It was the first time Sridevi had worked with a woman director. The two clicked immediately. Weeks before her tragic passing, the actor said, “It was wonderful to begin my second innings with Gauri. She was absolutely marvelous to work with and I blindly followed her. She knows exactly what she wants and gets the best out of everyone. That is the best quality I have noticed in her. Though she has her own mind, she’s very open to suggestions and ultimately she will take a call as to what she wants. She’s chilled, and that puts actors and technicians at ease.”

Gauri followed up the success of English Vinglish with 2016’s Dear Zindagi, headlined by Shah Rukh Khan and Alia Bhatt. Here, too, she dealt with a complex subject based on a female protagonist. The plot centered on a young cinematographer (Bhatt) who flounders as she deals with difficult family and career issues, and so she turns to a therapist.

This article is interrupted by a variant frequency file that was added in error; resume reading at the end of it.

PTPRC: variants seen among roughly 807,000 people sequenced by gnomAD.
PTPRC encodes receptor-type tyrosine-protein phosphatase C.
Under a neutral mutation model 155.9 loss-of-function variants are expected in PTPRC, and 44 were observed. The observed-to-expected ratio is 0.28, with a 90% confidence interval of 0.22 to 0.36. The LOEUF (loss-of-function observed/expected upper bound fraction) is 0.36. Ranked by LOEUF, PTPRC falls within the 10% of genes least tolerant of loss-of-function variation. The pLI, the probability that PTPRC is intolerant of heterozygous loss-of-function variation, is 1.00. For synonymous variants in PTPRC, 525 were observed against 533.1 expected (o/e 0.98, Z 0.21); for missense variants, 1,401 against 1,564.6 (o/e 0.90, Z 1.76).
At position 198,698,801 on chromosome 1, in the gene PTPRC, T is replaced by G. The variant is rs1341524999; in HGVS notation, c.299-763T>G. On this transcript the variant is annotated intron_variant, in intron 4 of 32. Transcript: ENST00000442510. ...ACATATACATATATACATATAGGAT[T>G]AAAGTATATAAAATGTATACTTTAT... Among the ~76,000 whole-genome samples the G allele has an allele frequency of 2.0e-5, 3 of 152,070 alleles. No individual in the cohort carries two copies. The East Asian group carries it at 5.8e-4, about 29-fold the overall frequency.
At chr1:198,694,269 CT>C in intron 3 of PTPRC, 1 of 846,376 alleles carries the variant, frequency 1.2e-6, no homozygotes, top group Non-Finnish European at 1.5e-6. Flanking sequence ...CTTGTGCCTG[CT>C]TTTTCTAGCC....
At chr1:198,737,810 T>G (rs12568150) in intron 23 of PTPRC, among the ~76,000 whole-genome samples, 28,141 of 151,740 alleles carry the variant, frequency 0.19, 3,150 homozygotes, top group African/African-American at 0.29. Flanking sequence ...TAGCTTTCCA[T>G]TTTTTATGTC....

Alia calls Gauri an instinctive director. “It was one of my most expressive performances and that’s because Gauri really pushes you to go deep within,” says the actor. “Sometimes, we would just have conversations telepathically because she would instinctively connect with you. She’s someone who believes in striving at every step, so every scene for me was a challenge.”

Dear Zindagi received critical acclaim for tackling mental health and therapy, did reasonably well at the box office, although not as well as English Vinglish, and cemented Gauri’s reputation for exploring thorny subjects in an accessible manner. Both Gauri’s films tell the story of a woman trying to navigate her way through life. One does it through language, the other, through therapy.